Tuesday, October 25, 2011

Pinched, prodded and poked

I am officially a writer now, because I have struggled over a post for 10 days now and just set it aside to begin afresh. "Everything is better when it's a-fresh," said the produce man to the melon-squeezer. Just as I will drink no wine before its time, I shall publish no post before it's fully roas't. Somebody, please, stop me.

Any-hoo, four weeks ago yesterday, I had the worst dental experience of my life. Let me preface this by saying, I have good teeth. Only 2 fillings in my mid-to -late 40 year old mouth. Well, and a little bonding on one of my front teeth from an unfortunate diving incident at the Holidome in Cincinnati, Ohio during a fraternity formal event I attended in 1984. Never mind about that.

We recently got new dental insurance. The pickings were slim for dentists in our area. Basically, we had a choice of DDS in a box (Aspen Dental) or the guy I ended up with. I took the two girls to him first. I know, I know, it sounds bad, even canary-in-the-coal-mine-ish, but they did fine. Cleanings, exams, sealants and all was well. Curiously, I don't think he laid an instrument on them. It was all done by his babe-alicious assistants. All he did was look into their mouths and give me the names of several of his orthodontist cronies to contact, stat.

The same day, after a very brief, impromptu exam, he suggested that my 2 existing fillings, now more than 20 years old and causing me no trouble by the way, should be replaced because it appeared they were beginning to crack.

"Schedule an appointment and we'll take care of them. Plus, the bonding on your front tooth is worn and stained. It needs to be replaced. We can do that while we have you in here."  He was all smiles and charm.

"Okay", I said. Trust the man in white. I scheduled my appointment.

I arrived at the appointed hour a couple of weeks later. Following her rigorous cleaning,  Righteous Babe #1 applied a topical numbing agent to my upper and lower left gums, in anticipation of the Novocaine shots to come. I'd only had Novocaine twice before, and my recollection was that the injections were annoying more than painful; kind of like mosquito bites. "I've had two babies with no anesthesia, I can handle this",  I thought. I'd always prided myself on my non-chalance about medical procedures, shots and blood-draws.

Dr. De Sade (to which he shall hereinafter be referred) strutted into the room with Righteous Babe #2 at his side. He picked up an enormous metal syringe and with no bedside, rather chair side, chit-chat, plunged the infernal thing into my lower gum line. I felt a vibration run through my body and guttural noises came, unbidden, from my mouth, much as you might have heard emanate from convicts strapped to "Old Sparky", Ohio's now-retired electric chair.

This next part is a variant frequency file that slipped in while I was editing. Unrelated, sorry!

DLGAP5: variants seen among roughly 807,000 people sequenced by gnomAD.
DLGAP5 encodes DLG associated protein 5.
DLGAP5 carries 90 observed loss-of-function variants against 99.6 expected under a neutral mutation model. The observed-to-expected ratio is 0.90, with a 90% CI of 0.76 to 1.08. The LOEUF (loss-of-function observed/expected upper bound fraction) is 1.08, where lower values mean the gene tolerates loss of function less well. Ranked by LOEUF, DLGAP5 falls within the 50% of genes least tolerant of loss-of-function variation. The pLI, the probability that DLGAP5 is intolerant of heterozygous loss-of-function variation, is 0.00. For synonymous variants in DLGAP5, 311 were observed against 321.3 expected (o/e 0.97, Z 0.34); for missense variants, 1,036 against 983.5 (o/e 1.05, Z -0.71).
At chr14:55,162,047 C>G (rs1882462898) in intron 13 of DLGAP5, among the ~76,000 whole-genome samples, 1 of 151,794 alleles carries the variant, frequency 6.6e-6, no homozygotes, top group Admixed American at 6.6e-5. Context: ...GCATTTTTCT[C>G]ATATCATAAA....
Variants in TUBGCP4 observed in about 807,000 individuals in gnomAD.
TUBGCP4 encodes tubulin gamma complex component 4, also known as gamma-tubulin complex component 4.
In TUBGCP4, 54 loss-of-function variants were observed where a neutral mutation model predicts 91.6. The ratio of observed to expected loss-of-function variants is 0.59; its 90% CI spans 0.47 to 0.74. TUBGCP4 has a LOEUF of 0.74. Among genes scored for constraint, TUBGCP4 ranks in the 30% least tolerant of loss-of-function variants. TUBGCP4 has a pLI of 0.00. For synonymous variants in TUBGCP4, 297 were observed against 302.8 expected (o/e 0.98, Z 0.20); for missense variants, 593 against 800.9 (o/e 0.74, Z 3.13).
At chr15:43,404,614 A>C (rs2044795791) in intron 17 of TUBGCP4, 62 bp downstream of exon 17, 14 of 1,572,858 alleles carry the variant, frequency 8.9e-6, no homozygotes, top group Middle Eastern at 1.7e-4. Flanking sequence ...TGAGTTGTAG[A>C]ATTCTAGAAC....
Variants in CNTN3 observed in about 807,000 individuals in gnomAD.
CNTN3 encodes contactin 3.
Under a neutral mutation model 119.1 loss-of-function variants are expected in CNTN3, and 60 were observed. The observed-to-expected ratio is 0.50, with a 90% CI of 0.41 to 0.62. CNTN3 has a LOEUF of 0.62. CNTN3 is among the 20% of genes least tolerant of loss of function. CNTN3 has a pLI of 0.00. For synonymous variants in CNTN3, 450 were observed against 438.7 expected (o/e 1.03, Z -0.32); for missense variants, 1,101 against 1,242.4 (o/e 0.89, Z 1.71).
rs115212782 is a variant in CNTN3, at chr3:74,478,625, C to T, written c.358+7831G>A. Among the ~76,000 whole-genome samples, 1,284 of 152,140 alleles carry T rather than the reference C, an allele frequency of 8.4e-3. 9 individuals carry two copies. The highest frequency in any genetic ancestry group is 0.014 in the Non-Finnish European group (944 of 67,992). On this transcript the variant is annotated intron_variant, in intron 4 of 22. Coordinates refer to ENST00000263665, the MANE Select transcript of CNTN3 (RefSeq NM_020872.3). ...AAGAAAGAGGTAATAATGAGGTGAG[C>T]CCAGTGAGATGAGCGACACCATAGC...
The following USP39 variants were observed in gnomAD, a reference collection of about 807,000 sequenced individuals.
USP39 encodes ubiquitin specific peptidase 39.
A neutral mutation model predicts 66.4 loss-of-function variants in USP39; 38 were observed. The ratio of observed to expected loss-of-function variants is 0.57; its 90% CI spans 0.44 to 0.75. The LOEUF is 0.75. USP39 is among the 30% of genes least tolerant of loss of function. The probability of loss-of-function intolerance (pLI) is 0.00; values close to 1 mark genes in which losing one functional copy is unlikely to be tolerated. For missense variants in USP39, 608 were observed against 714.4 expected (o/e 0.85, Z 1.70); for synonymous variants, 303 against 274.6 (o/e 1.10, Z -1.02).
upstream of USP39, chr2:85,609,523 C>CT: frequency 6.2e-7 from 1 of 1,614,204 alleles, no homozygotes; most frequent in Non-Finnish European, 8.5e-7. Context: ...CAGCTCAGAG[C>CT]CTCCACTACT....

As he continued to depress the plunger, Dr. De Sade asked with furrowed brow, "Does it feel like an electric charge? " I nodded. "That's okay, it takes effect really quickly when that happens." Abruptly and with no apology, he picked up a second syringe and injected it into my upper jaw, directly above the lower injection. He stood and announced that he'd be back in a few minutes. Righteous Babe #2 asked if I was okay. I widened my eyes and shrugged. Truthfully, I did not know.

De Sade returned very shortly, picked up the drill and it began to whine. I closed my eyes, imagining myself elsewhere. And then I jumped.

"She's not numb."

"Did you feel that?"

I nodded.  He picked up a syringe and said, "We'll give you a little more Novocaine," and the plunger once again depressed. I felt a cold sensation in my lower jaw and again in my upper.

"Be back in a minute," oozed De Sade.

Righteous Babe #2 patted my shoulder. "Are you okay?"

"I gueth tho."

She giggled and I stabbed her with my eyes.

"Thith ithn't muth fun."

De Sade returned once again, picked up the drill and began to probe. Again, I jumped, involuntarily.

"She's still not numb."

"Did you really feel that?"

"Yeth," I nodded.

He picked up the syringe. I widened my eyes. De Sade dug it into my lower jaw, sawing it in and out. It was like something from Little Shop of Horrors. I could see the end of the syringe in his hand outside my mouth; I could see the in-and-out motion although I couldn't feel it. Then he administered another shot to the upper jaw. He stood up and said, "Let's give it another couple of minutes."

De Sade announced that Righteous Babe #3 would remove the bonding from my front tooth, since it required no Novocaine and he would come back to do the rest.

Righteous Babe #3 drilled away at my front tooth, periodically squirting water into my mouth and stabbing me in the tonsils with the spit-sucking probe that hissed like an angry copperhead inside my cranium. I prayed silently for it to all be over soon.

When she was finished, Righteous Babe #3 asked how I was doing. I attempted to answer but the whole left side of my face was immobile

"Cah I geh a dink oh wah-eh?"

Righteous Babes #2 and #3 both nodded. I got up and went to the sink. I turned on the tap and filled a cup. I held it to my lips, as is customary, yet it trickled right out of my mouth. I attempted to swish. It was fruitless. Then I looked in the mirror. A good portion of my right front tooth was gone, giving me a jack-o-lantern-like look, but the left side of my face would not move. At all.  I could only laugh. Hysterically.